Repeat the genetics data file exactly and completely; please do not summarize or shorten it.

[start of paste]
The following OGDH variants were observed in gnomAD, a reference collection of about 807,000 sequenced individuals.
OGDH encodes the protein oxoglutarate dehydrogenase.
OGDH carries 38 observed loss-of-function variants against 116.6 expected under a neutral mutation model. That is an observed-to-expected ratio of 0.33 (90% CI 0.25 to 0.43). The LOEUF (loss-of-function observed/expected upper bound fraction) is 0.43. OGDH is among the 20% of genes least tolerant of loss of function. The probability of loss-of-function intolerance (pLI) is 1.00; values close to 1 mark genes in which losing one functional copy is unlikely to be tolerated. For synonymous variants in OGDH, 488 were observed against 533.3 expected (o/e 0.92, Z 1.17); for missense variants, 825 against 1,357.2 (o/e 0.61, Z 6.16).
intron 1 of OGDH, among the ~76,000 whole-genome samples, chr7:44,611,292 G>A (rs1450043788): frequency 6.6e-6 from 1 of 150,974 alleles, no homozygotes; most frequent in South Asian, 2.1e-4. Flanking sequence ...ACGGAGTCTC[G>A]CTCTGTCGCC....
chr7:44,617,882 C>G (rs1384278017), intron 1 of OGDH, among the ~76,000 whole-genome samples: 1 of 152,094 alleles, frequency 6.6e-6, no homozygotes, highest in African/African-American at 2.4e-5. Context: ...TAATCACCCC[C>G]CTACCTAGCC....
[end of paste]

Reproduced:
The following OGDH variants were observed in gnomAD, a reference collection of about 807,000 sequenced individuals.
OGDH encodes the protein oxoglutarate dehydrogenase.
OGDH carries 38 observed loss-of-function variants against 116.6 expected under a neutral mutation model. That is an observed-to-expected ratio of 0.33 (90% CI 0.25 to 0.43). The LOEUF (loss-of-function observed/expected upper bound fraction) is 0.43. OGDH is among the 20% of genes least tolerant of loss of function. The probability of loss-of-function intolerance (pLI) is 1.00; values close to 1 mark genes in which losing one functional copy is unlikely to be tolerated. For synonymous variants in OGDH, 488 were observed against 533.3 expected (o/e 0.92, Z 1.17); for missense variants, 825 against 1,357.2 (o/e 0.61, Z 6.16).
intron 1 of OGDH, among the ~76,000 whole-genome samples, chr7:44,611,292 G>A (rs1450043788): frequency 6.6e-6 from 1 of 150,974 alleles, no homozygotes; most frequent in South Asian, 2.1e-4. Flanking sequence ...ACGGAGTCTC[G>A]CTCTGTCGCC....
chr7:44,617,882 C>G (rs1384278017), intron 1 of OGDH, among the ~76,000 whole-genome samples: 1 of 152,094 alleles, frequency 6.6e-6, no homozygotes, highest in African/African-American at 2.4e-5. Context: ...TAATCACCCC[C>G]CTACCTAGCC....